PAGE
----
Not getting enough sleep can really affect your life in many ways. It can influence your daily and long-term health and mental well-being in a negative way if the problems persist, and we are going to review them here in today’s article.
Many people don’t realise that a lack of sleep has been associated with chronic medical conditions like diabetes, high blood pressure and heart disease, and that you’re less likely to live as long as a result. Even sleeping too much (more than nine hours) can create bad health.
1. Contract more diseases
In sleep deprivation studies, it was found that less sleep increased stress levels, blood pressure and inflammation and impaired blood glucose control.
Other types of studies indicated that decreased and increased sleep duration is linked with diabetes and obesity. People who sleep for less than six hours per night on a regular basis are more like to have a higher average body mass index (BMI). During the night when we are resting, our bodies produce hormones that help with appetite control, metabolism and glucose processing. Short nights mess with these processes, and can lead to the production of more cortisol and insulin, which is associated with weight gain and diabetes.
People who slept less than six hours also suffer from elevated blood pressure, depression, anxiety and mental distress. Immune function goes down when we don’t sleep so well, because your body deals with a lot of repair and cleansing during the night, so we’re stronger after a good night’s rest.
2. Changes in sleeping patterns
What happens when you don’t sleep well? You’re more likely to take a nap during the day or after work or sleep in if you can. Doing this to much leads to changes in your body clock and sleeping patterns, and can ruin your health.
This is obvious enough, but how does it affect your life? Well, sleeping in when you should really be at work or school has its obvious drawbacks! But staying up late afterward creates habits that are difficult to get rid of later, and may encourage us to start living our day at night: partying or living online, getting less sunlight, working at night and missing out on the types of activities people usually do during the day, like exercising and playing sports, having a teaching career, working with children or work based in an office or other environment.
The best way to avoid these issues is to be very strict with yourself and get up early every day regardless of how long you have slept. Doing this will encourage your body to keep a regular and healthy sleeping pattern and you will become tired when you should ideally be going to sleep.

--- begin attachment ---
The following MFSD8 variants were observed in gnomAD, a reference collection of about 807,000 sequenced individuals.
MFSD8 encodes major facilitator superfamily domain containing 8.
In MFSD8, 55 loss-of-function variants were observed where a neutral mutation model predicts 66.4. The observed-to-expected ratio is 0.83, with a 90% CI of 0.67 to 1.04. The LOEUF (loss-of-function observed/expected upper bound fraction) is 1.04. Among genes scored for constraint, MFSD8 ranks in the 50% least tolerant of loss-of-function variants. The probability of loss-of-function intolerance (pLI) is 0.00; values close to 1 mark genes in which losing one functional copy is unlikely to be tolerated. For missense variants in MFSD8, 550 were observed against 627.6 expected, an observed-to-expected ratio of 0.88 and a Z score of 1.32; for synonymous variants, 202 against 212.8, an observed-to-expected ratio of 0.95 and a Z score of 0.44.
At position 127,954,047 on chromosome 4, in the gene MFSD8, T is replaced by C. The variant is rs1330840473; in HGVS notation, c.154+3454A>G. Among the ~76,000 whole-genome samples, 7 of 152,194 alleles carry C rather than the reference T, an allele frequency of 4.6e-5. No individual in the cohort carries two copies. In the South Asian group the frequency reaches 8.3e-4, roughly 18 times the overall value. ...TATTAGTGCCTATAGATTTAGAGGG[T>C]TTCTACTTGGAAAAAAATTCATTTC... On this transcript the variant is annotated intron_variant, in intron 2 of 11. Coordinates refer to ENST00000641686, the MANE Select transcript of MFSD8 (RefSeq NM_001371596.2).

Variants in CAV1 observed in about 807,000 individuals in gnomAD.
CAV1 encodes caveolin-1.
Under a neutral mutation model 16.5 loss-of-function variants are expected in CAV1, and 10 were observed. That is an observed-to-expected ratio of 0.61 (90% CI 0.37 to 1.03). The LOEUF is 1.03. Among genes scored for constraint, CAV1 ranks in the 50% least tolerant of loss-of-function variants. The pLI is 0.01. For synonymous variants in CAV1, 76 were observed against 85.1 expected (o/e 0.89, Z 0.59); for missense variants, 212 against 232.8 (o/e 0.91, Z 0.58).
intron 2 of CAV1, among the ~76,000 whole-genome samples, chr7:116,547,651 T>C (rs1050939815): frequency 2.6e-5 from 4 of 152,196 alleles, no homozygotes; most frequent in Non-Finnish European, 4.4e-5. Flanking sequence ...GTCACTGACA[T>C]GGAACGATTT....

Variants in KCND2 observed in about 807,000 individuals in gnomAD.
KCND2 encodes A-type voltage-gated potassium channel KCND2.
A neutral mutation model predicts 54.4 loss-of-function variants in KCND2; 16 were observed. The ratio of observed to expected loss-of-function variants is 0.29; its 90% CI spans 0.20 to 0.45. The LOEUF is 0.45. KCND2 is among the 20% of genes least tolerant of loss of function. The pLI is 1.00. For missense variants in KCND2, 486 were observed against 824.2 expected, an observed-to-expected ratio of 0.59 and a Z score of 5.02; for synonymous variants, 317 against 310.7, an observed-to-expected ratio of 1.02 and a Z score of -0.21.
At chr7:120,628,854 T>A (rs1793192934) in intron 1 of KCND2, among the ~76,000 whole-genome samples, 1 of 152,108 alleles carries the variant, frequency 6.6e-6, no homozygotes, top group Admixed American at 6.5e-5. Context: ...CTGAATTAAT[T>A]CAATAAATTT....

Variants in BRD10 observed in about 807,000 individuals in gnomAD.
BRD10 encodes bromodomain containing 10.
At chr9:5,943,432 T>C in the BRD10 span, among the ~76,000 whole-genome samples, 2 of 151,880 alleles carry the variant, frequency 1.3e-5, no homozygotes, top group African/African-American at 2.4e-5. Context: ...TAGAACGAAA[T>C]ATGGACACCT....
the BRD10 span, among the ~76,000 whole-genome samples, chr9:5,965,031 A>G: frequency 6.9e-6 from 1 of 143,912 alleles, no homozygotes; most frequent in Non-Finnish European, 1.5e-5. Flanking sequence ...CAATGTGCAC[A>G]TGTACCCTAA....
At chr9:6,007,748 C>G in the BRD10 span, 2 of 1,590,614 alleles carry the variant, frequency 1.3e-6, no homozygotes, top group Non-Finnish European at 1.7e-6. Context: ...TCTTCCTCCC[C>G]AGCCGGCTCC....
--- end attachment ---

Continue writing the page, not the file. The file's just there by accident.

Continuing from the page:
3. Chronic fatigue
Chronic fatigue can start to creep in if you sleep badly all the time, but continue with a demanding lifestyle. The body needs rest and if it doesn’t get it, it’ll start sending you messages that you owe it some rest. This can result in lethargy, poor emotional health, and a general lack of energy that gets worse over time rather than better. Finding ways to sleep better is a must, and this might include gentle exercise, lowering stress levels and eating well. Turning off all computers, TVs and phones a couple of hours before bed can also work well. Chronic fatigue is difficult to heal, so try to avoid getting it in the first place.
4. Stomach problems
The health of our teeth and gums can give us some great information on how we are sleeping and how healthy our digestive tract is. Pay attention to whether you grind your teeth at night, or if you wake up with a tension headache. This could be a sign that you are suffering from chronic stress, food allergies, candida, parasites or leaky gut syndrome and these conditions are likely to interrupt your sleep.
Gastroesophageal disease has been linked to sleep disorders, and sleeping badly may cause stomach issues like this to get worse. Viral and bacterial infections, smoking and allergies can also lead to larger amounts of mucous in the oesophagus, a sign that there is inflammation in your digestive system.
5. Eating sugary food
Sugar is stimulating in the body, so it’s well worth finding an alternative like stevia, agave or xylitol you like and get off it. However, when we don’t sleep well, we are more likely to reach for foods we think might give us more energy and perk us up. Try not to try and replace rest with food. Eating salads and fresh food is more likely to work to your benefit, so grab some fruit instead of chocolate or other carbs.